Tour de France debutant Fernando Gaviria has proved he is the No.1 sprinter in this year's race, claiming his second stage.
Australian favourite Richie Porte stayed out of trouble ahead of his next big test in two days, but there was more crash carnage on stage four.
French hope Romain Bardet lost a key lieutenant when Ag2r teammate Axel Domont fractured his collarbone in a crash inside the last 5km.
Last year's runner-up Rigoberto Uran was caught in the same pile-up, but the Education First-Drapac team made sure their Colombian star did not lose any time.
Belgian Tiesj Benoot (Lotto Soudal) finished the stage with a bloodied face and a dislocated shoulder.
The overall hopes of Russian Ilnur Zakarin (Katusha-Alpecin) took a major hit when he lost 59 seconds.
But Porte's BMC team avoided the crash and their Belgian ace Greg Van Avermaet retained the yellow jersey.
Porte and the other overall hopes will try to gain time on stage six, which ends with two short but sharp climbs of the Mur de Bretagne in north-western Brittany.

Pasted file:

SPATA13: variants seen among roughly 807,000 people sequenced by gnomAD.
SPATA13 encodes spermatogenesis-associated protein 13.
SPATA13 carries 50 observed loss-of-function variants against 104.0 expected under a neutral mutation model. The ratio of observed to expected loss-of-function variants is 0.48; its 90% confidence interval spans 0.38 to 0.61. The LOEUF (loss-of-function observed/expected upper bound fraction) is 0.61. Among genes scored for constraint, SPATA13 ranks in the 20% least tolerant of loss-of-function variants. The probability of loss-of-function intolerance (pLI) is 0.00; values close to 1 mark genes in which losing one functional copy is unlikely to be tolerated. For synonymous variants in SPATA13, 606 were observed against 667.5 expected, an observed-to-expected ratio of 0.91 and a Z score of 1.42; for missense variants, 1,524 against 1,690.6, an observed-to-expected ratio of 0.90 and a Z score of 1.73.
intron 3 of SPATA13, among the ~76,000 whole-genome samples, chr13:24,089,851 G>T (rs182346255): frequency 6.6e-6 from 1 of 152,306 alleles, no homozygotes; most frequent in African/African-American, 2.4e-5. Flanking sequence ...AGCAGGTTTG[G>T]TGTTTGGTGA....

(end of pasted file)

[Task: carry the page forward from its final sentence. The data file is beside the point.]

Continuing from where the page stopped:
Seven years ago, Cadel Evans won stage four at Mur de Bretagne on the way to becoming the first Australian Tour de France champion.
"We were right up at the front for most of the stage and I wasn't even aware that there had been crashes," Porte said.
"It was a nice day overall.
"Tomorrow (stage five) is a hard stage but it is more of a positioning battle.
"It's not an easy stage by any means but, I think stage six will be more of a test for me."
Porte is 14th overall at 51 seconds.
After losing time amid the crash chaos of the first two stages, Porte shot up the general classification when BMC dominated the team time trial on stage three.
After winning the opening stage, Gaviria (Quick-Step) took out a three-rider sprint at the end of the 195km-fourth stage from La Baule to Sarzeau.
The Colombian beat Slovakian three-time world champion Peter Sagan (Bora-Hansgrohe), while German sprint ace Andre Greipel (Lotto Soudal) faded to third after hitting out first.
"We wanted to wait to the last moment to launch but it was too hard. I'm really happy anyway," Gaviria said.
Sagan's second place meant the Slovakian retained the green jersey ahead of Gaviria.
"He's faster than me but it's ok," Sagan said candidly.
Wednesday's fifth stage is a 204.5km lumpy ride from Lorient to Quimper that should favour one-day classics specialists such as Van Avermaet.